Metabolism Day 2021
The Metabolism Day 2020 was postponed
It was with the greatest disappointment that we had to postpone Metabolism Day 2020 on March 19 due to the ongoing coronavirus pandemic.
We are delighted to inform you that after the postponement of Metabolism Day 2020, Metabolism Day has been rescheduled to March 18, 2021. If in the beginning of 2021 the circumstances continue to prohibit international symposia of that size, we might consider organizing the meeting in an online format.
We appreciate the time that has been committed to Metabolism Day, especially by our speakers and those who submitted abstracts and were due to present posters at the symposium. We extend our thanks to everyone affected for their understanding.
We are hoping that you will be able to join us March 18, 2021 to present your research and discuss the latest science in metabolic diseases and energy control.
Professor Juleen R. Zierath
Professor Birthe Høgh
Vice Executive Director
About Metabolism Day
Metabolism Day brings together researchers within the field of metabolism to discuss the latest science in metabolic diseases and energy control. All researchers with an interest in metabolic research are welcome to attend the event.
The day includes eight invited international speakers, poster sessions and prizes, and concludes with a buffet dinner.
Participation is free of charge, but for catering purposes, registration is required.
|8:30-9:00||Registration, Coffee and set-up of Posters|
|9:00-9:15||Welcome Address||Executive Director, Professor Juleen R. Zierath, CBMR|
The Genetics of Obesity – From genes, to biology, … to clinical practice
Professor Ruth Loos, Icahn School of Medicine at Mount Sinai, USA
Professor Torben Hansen, CBMR
|9:50-10:25||Programming of Cardio-Metabolic Health by Maternal Obesity: A Developing Crisis||Professor Susan Ozanne, University of Cambridge, United Kingdom||Professor Romain Barrès, CBMR|
|10:25-10:50||Posters and Coffee|
|10:50-11:25||Metabolic Control of the Molecular Clock||Professor Joseph Bass, Northwestern University, USA||Associate Professor Zach Gerhart-Hines, CBMR|
|11:25-12:00||The Genetics of Exercise Adherence and Response||Professor Molly S. Bray, University of Texas at Austin, USA||Professor Kei Sakamoto, CBMR|
|12:00-13:00||Posters and Lunch|
|13:00-13:35||A Sociology of One-Carbon Metabolism||Professor Hannah Landecker, University of California, USA||Associate Professor Louise Whiteley, CBMR|
|13:35-14:10||Big Data and Health||
Professor Michael Snyder, Stanford University, USA
|Associate Professor Manimozhiyan Arumugam, CBMR|
|16:10-16:45||The CNS Control of Metabolism||Professor Martin Myers, University of Michigan, USA||Associate Professor Tune H. Pers, CBMR|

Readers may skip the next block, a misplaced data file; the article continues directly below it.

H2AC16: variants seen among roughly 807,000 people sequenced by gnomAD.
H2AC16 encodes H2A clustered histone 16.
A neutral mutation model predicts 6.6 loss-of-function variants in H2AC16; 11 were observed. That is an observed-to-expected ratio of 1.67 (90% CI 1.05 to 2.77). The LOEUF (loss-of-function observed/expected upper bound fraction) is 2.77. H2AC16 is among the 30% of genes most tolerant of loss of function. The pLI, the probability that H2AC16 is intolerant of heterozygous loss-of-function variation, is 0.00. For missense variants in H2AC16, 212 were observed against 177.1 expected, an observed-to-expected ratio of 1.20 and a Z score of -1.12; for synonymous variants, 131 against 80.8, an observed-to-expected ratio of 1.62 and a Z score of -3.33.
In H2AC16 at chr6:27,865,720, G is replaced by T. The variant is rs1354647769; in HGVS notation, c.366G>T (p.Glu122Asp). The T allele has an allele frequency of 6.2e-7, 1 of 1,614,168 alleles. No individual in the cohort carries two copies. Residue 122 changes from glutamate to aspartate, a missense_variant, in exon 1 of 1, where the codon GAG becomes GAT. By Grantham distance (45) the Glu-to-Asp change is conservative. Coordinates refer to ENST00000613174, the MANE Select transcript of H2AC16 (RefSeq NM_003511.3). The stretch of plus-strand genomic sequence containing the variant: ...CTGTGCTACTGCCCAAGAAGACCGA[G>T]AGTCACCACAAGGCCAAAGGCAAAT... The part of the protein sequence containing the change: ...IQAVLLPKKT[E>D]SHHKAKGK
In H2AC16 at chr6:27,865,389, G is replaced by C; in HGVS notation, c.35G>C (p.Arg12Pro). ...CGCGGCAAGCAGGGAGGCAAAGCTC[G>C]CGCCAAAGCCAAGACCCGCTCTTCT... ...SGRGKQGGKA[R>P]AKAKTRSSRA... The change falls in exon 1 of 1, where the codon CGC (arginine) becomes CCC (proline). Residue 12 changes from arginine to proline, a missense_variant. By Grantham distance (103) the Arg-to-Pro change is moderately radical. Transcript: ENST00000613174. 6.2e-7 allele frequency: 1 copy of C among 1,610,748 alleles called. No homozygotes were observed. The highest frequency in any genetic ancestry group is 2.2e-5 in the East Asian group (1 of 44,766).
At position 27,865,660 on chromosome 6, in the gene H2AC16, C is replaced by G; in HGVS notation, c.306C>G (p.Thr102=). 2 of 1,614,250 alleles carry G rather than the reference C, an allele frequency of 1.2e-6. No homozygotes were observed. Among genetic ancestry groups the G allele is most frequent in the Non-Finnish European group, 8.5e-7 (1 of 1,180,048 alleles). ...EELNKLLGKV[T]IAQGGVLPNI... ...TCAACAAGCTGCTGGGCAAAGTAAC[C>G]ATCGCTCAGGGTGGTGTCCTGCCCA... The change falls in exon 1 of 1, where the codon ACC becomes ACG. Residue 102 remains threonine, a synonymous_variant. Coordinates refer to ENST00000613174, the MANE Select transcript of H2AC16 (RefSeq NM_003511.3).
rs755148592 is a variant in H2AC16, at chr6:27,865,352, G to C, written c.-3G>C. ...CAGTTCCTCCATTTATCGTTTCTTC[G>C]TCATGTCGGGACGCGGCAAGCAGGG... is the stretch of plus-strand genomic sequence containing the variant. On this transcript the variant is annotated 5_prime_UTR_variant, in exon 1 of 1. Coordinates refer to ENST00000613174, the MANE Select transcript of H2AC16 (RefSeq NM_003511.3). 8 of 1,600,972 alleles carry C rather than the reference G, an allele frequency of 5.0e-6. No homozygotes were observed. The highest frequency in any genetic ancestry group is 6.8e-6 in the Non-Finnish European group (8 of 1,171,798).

|16:45-17:20||Adipose Tissue – Therapeutic target for Diabetes||Professor Philipp Scherer, University of Texas Southwestern, USA||Associate Professor Camilla Schéele, CBMR|
|17:20-17:30||Closing Remarks||Executive Director, Professor Juleen R. Zierath, CBMR|
|17:30-20:00||Buffet Dinner and Poster Prize Ceremony|
Active as both an endocrinologist and investigator, Bass has opened up a new field that is illuminating how molecular clocks control physiology at different times of day, with a broad range of medical implications including new avenues for treating diabetes and obesity.
Work in her laboratory is designed to identify the mechanisms by which timing and quality of energy intake affects weight gain and metabolic health, in particular through intestinal absorption and the gut microbiome.
Dr. Bray also currently leads one of the largest genetic studies of exercise adherence established to date, the Training Interventions and Genetics of Exercise Response (TIGER) study, with a total cohort of more than 3,500 individuals. Dr. Bray's research has included investigations of aerobic fitness and resting and exercise energy expenditure in children and adolescents and clinical studies of morbidly obese adolescents undergoing bariatric surgery.
Hannah Landecker holds a joint appointment in the life and social sciences at UCLA, where she is a Professor in the Department of Sociology, and Director of the Institute for Society and Genetics. The Institute for Society and Genetics is an interdisciplinary unit at UCLA committed to cultivating research and pedagogy at the interface of the life and human sciences, and houses the Human Biology and Society undergraduate major. She also recently helped found the UCLA EpiCenter for interdisciplinary study of the intersection of reproduction, epigenetics, and society, and is its co-director; she is a senior editor of the journal BioSocieties.
Landecker, a historian and sociologist of science, studied cell and developmental biology before going on to receive her PhD in Science and Technology Studies from MIT. She is the author of Culturing Life: How Cells Became Technologies (Harvard UP, 2007), as well as many research articles spanning topics from the development of time-lapse microcinematography to the environmental politics of reproduction. Her current research interests have turned toward the history and social study of metabolism and epigenetics, and this talk is drawn from her current book project, American Metabolism.